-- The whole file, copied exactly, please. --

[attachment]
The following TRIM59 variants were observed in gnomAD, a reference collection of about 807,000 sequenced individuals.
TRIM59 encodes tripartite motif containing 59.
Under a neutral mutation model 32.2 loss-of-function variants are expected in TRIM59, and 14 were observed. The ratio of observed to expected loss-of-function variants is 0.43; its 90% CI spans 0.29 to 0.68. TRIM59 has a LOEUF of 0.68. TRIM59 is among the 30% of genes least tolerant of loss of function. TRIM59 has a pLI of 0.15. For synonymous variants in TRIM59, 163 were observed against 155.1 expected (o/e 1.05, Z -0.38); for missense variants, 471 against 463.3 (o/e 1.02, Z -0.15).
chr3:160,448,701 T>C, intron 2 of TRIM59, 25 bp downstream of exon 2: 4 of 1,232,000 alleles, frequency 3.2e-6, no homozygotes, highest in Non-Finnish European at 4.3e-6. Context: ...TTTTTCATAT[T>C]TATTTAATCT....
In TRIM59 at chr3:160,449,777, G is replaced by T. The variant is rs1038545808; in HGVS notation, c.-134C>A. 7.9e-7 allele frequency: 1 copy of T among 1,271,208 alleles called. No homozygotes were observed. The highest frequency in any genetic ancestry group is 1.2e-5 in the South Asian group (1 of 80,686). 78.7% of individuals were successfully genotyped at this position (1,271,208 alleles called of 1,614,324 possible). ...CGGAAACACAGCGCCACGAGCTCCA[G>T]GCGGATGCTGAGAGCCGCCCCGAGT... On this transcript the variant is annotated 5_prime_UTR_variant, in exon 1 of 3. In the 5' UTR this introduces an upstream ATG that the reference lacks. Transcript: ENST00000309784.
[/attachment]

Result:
The following TRIM59 variants were observed in gnomAD, a reference collection of about 807,000 sequenced individuals.
TRIM59 encodes tripartite motif containing 59.
Under a neutral mutation model 32.2 loss-of-function variants are expected in TRIM59, and 14 were observed. The ratio of observed to expected loss-of-function variants is 0.43; its 90% CI spans 0.29 to 0.68. TRIM59 has a LOEUF of 0.68. TRIM59 is among the 30% of genes least tolerant of loss of function. TRIM59 has a pLI of 0.15. For synonymous variants in TRIM59, 163 were observed against 155.1 expected (o/e 1.05, Z -0.38); for missense variants, 471 against 463.3 (o/e 1.02, Z -0.15).
chr3:160,448,701 T>C, intron 2 of TRIM59, 25 bp downstream of exon 2: 4 of 1,232,000 alleles, frequency 3.2e-6, no homozygotes, highest in Non-Finnish European at 4.3e-6. Context: ...TTTTTCATAT[T>C]TATTTAATCT....
In TRIM59 at chr3:160,449,777, G is replaced by T. The variant is rs1038545808; in HGVS notation, c.-134C>A. 7.9e-7 allele frequency: 1 copy of T among 1,271,208 alleles called. No homozygotes were observed. The highest frequency in any genetic ancestry group is 1.2e-5 in the South Asian group (1 of 80,686). 78.7% of individuals were successfully genotyped at this position (1,271,208 alleles called of 1,614,324 possible). ...CGGAAACACAGCGCCACGAGCTCCA[G>T]GCGGATGCTGAGAGCCGCCCCGAGT... On this transcript the variant is annotated 5_prime_UTR_variant, in exon 1 of 3. In the 5' UTR this introduces an upstream ATG that the reference lacks. Transcript: ENST00000309784.